I love blogging and blogging has loved me back. I’ve been offered paid freelance writing gigs and paid speaking engagements because of my blogs and I’ve used the See Jane Write blog to grow a small women’s writing group into an award-winning business. A blog can also be a great way to build an audience for the book you want to write.
Make 2018 the year you finally launch (or relaunch) your website and blog. Here’s a guide to get you started.
Writing is a practice. Just as athletes must practice to get better at their sport and musicians must practice to get better at their instrument, we writers must practice to get better at our craft. That’s why I love blogging. I consider blogging the writer’s practice field.
Here are seven ways you can write better blog posts and begin to improve your writing overall.
We all know how the saying goes: A goal without a plan is just a wish. So if one of your goals for 2018 is to blog more consistently you’re going to need a plan to make that happen. This is where The Content Planner comes in.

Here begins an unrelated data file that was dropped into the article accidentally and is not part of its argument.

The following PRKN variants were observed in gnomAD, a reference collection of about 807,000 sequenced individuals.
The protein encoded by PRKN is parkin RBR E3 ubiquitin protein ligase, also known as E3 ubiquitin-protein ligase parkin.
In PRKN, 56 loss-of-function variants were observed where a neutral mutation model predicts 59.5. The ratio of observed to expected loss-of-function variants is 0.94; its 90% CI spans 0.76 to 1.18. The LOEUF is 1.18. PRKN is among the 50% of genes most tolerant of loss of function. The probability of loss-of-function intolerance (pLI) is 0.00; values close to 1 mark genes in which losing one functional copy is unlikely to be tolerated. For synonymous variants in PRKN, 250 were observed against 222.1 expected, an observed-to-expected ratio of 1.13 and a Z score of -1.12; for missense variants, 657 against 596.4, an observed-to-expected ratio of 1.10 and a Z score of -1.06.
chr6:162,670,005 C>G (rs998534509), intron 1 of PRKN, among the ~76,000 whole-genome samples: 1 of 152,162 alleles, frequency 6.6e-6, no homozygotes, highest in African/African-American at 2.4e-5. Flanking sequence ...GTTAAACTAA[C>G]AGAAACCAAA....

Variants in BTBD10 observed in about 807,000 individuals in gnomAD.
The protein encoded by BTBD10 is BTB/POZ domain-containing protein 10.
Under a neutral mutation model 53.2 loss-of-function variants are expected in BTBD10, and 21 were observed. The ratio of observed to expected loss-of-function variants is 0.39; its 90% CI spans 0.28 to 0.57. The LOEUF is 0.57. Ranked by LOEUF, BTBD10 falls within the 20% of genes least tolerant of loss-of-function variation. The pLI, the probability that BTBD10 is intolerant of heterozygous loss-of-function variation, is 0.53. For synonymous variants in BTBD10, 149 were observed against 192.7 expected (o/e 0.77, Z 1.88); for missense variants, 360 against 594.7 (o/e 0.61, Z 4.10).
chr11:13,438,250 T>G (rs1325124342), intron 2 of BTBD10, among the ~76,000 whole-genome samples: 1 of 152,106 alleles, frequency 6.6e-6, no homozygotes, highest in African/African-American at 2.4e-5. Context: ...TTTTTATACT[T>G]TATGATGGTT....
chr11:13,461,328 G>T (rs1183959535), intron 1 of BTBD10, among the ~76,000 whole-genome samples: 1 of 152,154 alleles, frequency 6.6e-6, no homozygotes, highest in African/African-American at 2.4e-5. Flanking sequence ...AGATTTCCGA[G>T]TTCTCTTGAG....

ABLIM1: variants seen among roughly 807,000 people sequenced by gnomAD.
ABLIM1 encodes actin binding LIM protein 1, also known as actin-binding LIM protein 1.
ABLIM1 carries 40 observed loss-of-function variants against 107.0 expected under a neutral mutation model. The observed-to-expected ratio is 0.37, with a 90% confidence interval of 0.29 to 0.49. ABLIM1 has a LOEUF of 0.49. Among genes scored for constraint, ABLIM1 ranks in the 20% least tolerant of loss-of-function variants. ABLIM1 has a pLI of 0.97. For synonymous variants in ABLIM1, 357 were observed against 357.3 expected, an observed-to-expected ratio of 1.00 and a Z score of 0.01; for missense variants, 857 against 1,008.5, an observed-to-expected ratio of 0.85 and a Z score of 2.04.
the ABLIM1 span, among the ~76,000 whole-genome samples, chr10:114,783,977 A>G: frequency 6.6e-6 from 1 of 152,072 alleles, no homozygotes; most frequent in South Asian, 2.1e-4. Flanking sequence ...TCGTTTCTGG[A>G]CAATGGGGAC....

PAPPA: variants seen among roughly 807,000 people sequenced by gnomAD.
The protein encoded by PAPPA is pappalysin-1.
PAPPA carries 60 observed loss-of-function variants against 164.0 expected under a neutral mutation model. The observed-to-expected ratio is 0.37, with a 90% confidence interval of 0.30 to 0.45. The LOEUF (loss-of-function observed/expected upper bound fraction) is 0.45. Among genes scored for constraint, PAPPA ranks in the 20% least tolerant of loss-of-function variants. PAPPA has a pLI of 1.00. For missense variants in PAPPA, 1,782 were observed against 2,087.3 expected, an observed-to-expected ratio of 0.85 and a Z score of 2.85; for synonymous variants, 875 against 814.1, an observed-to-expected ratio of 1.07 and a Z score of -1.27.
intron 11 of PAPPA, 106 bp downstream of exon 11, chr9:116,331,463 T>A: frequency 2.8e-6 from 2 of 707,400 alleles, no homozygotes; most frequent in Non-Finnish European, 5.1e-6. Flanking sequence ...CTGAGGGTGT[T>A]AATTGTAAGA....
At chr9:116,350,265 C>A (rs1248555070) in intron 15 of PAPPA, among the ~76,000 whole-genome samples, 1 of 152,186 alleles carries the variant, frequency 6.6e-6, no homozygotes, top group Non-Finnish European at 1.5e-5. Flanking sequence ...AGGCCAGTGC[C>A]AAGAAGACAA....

I call it #BlogLikeCrazy. Each year, I challenge the readers of See Jane Write to publish a new blog post every day in the month of November. And I’m so glad that every year several ladies (and gentlemen) join the fun.
Today I salute the #BlogLikeCrazy All-Stars for 2017 — the bloggers who succeeded in giving their readers new content every day in November.
Wow! What a month November has been. Today is the last day of #bloglikecrazy 2017 and I’d like to take a look back at some of the things I accomplished this month and the blog posts I wrote along the way.
Writing is a practice. Just as athletes have to practice to get better at their sport, we writers must practice to get better at our craft.
It was in Natalie Goldberg’s book Writing Down the Bones that I first saw this comparison made and the analogy has moved me ever since, especially because I’m a runner. I’m a very slow runner, but a runner, nonetheless, and whenever I’m running a race or training for one I’m also always thinking about writing. Lately, I’ve decided to dig a little deeper with this analogy between writing and running.
Runner’s train not just to get faster, but also to get stronger. Runners train to prevent injury. So, I started thinking, how can we writer’s train to prevent the injury of writer’s block?